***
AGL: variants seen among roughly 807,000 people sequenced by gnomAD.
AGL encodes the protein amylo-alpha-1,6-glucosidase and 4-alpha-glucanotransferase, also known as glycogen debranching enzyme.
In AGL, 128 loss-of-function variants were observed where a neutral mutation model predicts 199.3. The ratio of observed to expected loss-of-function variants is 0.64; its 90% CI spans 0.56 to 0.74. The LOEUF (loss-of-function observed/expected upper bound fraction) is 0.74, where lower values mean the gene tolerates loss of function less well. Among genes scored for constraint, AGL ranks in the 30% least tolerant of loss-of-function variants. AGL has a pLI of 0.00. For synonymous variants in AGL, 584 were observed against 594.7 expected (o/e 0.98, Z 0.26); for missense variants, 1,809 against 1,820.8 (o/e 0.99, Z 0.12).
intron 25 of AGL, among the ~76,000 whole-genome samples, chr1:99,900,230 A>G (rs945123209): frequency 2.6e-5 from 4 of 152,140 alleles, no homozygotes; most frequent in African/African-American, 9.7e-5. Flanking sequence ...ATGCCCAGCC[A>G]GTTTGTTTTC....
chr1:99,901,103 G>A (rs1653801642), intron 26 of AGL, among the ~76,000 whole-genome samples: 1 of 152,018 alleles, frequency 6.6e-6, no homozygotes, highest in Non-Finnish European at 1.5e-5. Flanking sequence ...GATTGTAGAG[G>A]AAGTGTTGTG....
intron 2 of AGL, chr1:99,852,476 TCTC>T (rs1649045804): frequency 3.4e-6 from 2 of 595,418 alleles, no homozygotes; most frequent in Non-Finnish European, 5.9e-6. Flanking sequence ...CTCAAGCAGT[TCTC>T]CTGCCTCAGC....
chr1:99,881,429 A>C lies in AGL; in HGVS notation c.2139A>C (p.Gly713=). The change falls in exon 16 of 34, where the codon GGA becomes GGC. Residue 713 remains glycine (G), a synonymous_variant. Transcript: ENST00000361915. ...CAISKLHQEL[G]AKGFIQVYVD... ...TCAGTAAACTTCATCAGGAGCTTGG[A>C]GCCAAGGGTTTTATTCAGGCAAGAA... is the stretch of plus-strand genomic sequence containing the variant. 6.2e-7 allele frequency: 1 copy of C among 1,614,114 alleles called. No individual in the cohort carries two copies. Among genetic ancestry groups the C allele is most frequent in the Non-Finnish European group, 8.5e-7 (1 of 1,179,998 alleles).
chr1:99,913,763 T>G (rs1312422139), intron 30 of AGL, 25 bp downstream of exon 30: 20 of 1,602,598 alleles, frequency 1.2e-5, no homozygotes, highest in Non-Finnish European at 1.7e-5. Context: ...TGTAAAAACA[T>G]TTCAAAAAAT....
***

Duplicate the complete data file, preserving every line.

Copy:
AGL: variants seen among roughly 807,000 people sequenced by gnomAD.
AGL encodes the protein amylo-alpha-1,6-glucosidase and 4-alpha-glucanotransferase, also known as glycogen debranching enzyme.
In AGL, 128 loss-of-function variants were observed where a neutral mutation model predicts 199.3. The ratio of observed to expected loss-of-function variants is 0.64; its 90% CI spans 0.56 to 0.74. The LOEUF (loss-of-function observed/expected upper bound fraction) is 0.74, where lower values mean the gene tolerates loss of function less well. Among genes scored for constraint, AGL ranks in the 30% least tolerant of loss-of-function variants. AGL has a pLI of 0.00. For synonymous variants in AGL, 584 were observed against 594.7 expected (o/e 0.98, Z 0.26); for missense variants, 1,809 against 1,820.8 (o/e 0.99, Z 0.12).
intron 25 of AGL, among the ~76,000 whole-genome samples, chr1:99,900,230 A>G (rs945123209): frequency 2.6e-5 from 4 of 152,140 alleles, no homozygotes; most frequent in African/African-American, 9.7e-5. Flanking sequence ...ATGCCCAGCC[A>G]GTTTGTTTTC....
chr1:99,901,103 G>A (rs1653801642), intron 26 of AGL, among the ~76,000 whole-genome samples: 1 of 152,018 alleles, frequency 6.6e-6, no homozygotes, highest in Non-Finnish European at 1.5e-5. Flanking sequence ...GATTGTAGAG[G>A]AAGTGTTGTG....
intron 2 of AGL, chr1:99,852,476 TCTC>T (rs1649045804): frequency 3.4e-6 from 2 of 595,418 alleles, no homozygotes; most frequent in Non-Finnish European, 5.9e-6. Flanking sequence ...CTCAAGCAGT[TCTC>T]CTGCCTCAGC....
chr1:99,881,429 A>C lies in AGL; in HGVS notation c.2139A>C (p.Gly713=). The change falls in exon 16 of 34, where the codon GGA becomes GGC. Residue 713 remains glycine (G), a synonymous_variant. Transcript: ENST00000361915. ...CAISKLHQEL[G]AKGFIQVYVD... ...TCAGTAAACTTCATCAGGAGCTTGG[A>C]GCCAAGGGTTTTATTCAGGCAAGAA... is the stretch of plus-strand genomic sequence containing the variant. 6.2e-7 allele frequency: 1 copy of C among 1,614,114 alleles called. No individual in the cohort carries two copies. Among genetic ancestry groups the C allele is most frequent in the Non-Finnish European group, 8.5e-7 (1 of 1,179,998 alleles).
chr1:99,913,763 T>G (rs1312422139), intron 30 of AGL, 25 bp downstream of exon 30: 20 of 1,602,598 alleles, frequency 1.2e-5, no homozygotes, highest in Non-Finnish European at 1.7e-5. Context: ...TGTAAAAACA[T>G]TTCAAAAAAT....